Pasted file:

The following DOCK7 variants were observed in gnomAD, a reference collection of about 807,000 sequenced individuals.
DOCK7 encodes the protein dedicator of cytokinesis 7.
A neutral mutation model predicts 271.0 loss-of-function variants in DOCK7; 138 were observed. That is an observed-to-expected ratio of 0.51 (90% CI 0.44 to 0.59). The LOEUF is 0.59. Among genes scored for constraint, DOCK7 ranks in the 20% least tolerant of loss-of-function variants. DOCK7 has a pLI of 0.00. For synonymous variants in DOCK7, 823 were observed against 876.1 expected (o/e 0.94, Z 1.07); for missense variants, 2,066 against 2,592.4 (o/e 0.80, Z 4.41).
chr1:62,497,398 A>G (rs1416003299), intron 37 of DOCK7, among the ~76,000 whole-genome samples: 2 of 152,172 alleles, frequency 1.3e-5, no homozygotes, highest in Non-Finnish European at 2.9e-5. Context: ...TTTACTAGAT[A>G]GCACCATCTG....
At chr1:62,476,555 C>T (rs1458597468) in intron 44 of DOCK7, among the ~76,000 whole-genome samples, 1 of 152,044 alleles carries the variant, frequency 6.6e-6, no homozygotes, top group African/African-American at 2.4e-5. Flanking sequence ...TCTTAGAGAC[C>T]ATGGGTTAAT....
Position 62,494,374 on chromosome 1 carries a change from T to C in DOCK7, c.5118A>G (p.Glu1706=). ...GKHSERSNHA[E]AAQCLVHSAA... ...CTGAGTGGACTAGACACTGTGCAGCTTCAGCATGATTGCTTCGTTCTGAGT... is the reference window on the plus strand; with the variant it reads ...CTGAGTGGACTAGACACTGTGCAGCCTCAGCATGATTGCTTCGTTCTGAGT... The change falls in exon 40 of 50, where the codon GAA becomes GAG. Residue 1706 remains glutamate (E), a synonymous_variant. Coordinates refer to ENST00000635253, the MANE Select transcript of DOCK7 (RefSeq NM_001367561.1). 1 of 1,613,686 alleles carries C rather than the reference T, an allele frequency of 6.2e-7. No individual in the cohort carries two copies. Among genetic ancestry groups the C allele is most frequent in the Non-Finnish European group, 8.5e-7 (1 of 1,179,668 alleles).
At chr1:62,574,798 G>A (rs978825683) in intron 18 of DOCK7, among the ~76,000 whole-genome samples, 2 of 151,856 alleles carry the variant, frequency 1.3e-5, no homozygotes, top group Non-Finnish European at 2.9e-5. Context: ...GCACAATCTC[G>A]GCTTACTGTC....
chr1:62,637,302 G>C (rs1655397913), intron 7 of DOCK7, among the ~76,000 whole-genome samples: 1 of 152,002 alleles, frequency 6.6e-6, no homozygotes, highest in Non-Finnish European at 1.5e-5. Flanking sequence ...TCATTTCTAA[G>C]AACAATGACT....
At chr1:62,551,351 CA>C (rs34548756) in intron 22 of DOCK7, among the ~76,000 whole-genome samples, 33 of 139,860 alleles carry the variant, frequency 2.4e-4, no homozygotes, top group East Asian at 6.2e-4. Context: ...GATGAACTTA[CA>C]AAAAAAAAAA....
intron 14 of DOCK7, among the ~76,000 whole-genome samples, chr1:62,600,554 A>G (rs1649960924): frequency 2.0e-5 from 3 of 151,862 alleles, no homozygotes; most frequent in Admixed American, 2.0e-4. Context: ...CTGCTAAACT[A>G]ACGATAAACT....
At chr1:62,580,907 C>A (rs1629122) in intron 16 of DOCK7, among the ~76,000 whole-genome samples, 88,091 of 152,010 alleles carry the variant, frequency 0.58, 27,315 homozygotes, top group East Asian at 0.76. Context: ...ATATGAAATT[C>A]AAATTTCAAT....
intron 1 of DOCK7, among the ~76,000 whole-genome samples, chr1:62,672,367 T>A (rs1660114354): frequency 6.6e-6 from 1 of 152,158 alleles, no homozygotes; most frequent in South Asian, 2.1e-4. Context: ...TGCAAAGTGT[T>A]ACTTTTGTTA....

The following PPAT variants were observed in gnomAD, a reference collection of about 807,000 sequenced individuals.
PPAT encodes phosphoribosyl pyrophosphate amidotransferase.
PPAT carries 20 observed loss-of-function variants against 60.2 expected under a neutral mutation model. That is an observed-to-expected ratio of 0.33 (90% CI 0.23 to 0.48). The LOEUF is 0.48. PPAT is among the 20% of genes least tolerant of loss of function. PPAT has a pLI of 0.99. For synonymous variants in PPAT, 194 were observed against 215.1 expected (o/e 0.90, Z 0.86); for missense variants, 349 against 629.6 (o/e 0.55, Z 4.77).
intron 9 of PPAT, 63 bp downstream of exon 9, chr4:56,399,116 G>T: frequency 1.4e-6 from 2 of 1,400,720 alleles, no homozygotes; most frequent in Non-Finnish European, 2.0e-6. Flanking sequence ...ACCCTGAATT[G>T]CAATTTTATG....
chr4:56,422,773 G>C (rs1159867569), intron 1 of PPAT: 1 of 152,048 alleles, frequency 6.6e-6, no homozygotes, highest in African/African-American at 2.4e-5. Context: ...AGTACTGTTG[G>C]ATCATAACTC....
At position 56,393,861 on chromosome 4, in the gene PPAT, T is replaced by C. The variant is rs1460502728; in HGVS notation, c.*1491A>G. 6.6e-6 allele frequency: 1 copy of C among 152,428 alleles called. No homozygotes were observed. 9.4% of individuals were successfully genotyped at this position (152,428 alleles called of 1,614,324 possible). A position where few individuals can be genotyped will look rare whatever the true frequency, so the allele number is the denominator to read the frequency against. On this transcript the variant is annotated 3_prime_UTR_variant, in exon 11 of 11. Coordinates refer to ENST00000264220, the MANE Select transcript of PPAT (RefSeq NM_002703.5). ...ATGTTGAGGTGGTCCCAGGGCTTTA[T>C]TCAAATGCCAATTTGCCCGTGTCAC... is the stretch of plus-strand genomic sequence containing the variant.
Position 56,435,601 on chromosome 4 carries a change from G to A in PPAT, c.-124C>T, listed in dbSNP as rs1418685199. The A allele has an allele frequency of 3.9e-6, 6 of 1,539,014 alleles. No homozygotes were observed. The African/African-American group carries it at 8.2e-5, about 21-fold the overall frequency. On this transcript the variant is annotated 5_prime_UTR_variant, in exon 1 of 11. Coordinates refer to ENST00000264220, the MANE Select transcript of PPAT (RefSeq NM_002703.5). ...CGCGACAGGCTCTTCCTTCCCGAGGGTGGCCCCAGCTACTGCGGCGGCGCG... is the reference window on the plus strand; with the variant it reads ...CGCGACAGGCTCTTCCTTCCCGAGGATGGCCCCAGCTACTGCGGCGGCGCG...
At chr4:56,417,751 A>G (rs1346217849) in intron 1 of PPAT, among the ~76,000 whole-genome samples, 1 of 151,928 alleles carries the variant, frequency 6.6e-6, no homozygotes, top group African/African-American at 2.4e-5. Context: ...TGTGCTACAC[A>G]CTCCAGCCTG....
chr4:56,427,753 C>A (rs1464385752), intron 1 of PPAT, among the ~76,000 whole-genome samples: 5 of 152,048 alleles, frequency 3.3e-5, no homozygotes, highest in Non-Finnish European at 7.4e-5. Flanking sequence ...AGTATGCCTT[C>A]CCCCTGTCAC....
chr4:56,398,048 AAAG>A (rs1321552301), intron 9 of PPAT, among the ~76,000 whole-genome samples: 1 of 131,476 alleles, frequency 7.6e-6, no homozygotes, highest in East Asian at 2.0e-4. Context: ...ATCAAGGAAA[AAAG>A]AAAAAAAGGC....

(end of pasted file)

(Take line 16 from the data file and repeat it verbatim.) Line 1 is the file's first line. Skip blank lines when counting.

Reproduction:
intron 9 of PPAT, 63 bp downstream of exon 9, chr4:56,399,116 G>T: frequency 1.4e-6 from 2 of 1,400,720 alleles, no homozygotes; most frequent in Non-Finnish European, 2.0e-6. Flanking sequence ...ACCCTGAATT[G>T]CAATTTTATG....